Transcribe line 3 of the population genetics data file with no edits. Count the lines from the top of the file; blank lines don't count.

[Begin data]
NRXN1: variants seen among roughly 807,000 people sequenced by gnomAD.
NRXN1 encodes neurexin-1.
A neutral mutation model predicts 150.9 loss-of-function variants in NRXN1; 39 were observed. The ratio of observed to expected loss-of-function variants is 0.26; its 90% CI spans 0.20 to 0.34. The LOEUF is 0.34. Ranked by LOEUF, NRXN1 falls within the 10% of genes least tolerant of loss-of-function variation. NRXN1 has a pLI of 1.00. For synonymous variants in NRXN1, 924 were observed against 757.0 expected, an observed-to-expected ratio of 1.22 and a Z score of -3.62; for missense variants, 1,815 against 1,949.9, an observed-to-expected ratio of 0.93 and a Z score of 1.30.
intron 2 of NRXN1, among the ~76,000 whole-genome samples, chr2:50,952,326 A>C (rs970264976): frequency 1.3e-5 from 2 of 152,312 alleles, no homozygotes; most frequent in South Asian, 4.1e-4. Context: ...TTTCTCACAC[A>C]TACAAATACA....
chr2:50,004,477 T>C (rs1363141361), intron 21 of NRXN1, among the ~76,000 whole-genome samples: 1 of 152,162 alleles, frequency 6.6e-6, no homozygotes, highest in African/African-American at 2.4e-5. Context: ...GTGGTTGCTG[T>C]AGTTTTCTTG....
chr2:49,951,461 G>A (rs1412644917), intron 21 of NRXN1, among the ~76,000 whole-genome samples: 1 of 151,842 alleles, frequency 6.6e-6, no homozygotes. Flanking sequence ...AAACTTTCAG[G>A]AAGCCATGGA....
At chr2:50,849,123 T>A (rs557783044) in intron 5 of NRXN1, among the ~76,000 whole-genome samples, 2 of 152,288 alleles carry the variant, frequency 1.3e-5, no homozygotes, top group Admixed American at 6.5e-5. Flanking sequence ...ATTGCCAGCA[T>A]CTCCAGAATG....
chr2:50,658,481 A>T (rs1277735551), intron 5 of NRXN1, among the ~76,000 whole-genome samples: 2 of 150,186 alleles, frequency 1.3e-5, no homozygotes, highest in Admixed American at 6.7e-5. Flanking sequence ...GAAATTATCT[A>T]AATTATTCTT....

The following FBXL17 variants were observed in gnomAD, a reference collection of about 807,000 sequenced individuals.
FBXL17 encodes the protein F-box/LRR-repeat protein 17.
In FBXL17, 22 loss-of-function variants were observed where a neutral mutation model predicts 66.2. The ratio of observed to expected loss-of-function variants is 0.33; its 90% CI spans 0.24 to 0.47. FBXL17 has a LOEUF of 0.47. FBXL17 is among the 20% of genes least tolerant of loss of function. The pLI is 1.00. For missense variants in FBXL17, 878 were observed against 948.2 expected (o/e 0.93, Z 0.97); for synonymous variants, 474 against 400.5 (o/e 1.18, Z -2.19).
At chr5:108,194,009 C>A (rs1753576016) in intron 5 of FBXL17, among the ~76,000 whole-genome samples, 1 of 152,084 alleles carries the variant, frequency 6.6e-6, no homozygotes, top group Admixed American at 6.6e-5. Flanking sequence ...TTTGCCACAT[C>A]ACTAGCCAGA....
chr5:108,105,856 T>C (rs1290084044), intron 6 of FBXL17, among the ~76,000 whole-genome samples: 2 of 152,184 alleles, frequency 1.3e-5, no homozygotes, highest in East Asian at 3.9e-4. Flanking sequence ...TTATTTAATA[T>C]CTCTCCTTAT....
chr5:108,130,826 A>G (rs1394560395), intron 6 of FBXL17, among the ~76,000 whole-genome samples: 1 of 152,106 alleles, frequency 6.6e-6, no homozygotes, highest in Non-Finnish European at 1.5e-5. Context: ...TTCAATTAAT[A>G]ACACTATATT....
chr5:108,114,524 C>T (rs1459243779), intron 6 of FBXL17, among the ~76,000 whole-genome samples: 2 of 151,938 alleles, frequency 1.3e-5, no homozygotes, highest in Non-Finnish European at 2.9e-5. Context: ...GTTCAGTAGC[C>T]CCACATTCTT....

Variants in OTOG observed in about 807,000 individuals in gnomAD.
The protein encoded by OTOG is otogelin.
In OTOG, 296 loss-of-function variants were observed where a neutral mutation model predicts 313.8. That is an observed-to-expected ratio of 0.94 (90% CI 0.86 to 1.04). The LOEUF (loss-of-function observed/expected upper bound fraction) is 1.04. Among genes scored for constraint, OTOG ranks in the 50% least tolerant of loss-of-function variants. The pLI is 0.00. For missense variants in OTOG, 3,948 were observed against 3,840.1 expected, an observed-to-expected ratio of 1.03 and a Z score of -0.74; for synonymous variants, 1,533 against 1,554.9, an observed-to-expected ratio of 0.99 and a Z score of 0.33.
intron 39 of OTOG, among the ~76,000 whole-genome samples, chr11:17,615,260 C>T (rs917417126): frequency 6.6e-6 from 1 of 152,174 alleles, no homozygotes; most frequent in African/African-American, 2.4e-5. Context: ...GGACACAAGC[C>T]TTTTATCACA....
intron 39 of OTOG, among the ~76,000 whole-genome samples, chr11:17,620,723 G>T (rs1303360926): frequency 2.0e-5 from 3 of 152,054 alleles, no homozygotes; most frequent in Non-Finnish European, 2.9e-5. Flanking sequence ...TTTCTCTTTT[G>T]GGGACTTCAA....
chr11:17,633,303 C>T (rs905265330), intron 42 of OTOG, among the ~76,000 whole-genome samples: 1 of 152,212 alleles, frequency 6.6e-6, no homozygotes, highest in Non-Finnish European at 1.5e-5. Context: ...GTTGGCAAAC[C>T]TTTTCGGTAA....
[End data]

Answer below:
A neutral mutation model predicts 150.9 loss-of-function variants in NRXN1; 39 were observed. The ratio of observed to expected loss-of-function variants is 0.26; its 90% CI spans 0.20 to 0.34. The LOEUF is 0.34. Ranked by LOEUF, NRXN1 falls within the 10% of genes least tolerant of loss-of-function variation. NRXN1 has a pLI of 1.00. For synonymous variants in NRXN1, 924 were observed against 757.0 expected, an observed-to-expected ratio of 1.22 and a Z score of -3.62; for missense variants, 1,815 against 1,949.9, an observed-to-expected ratio of 0.93 and a Z score of 1.30.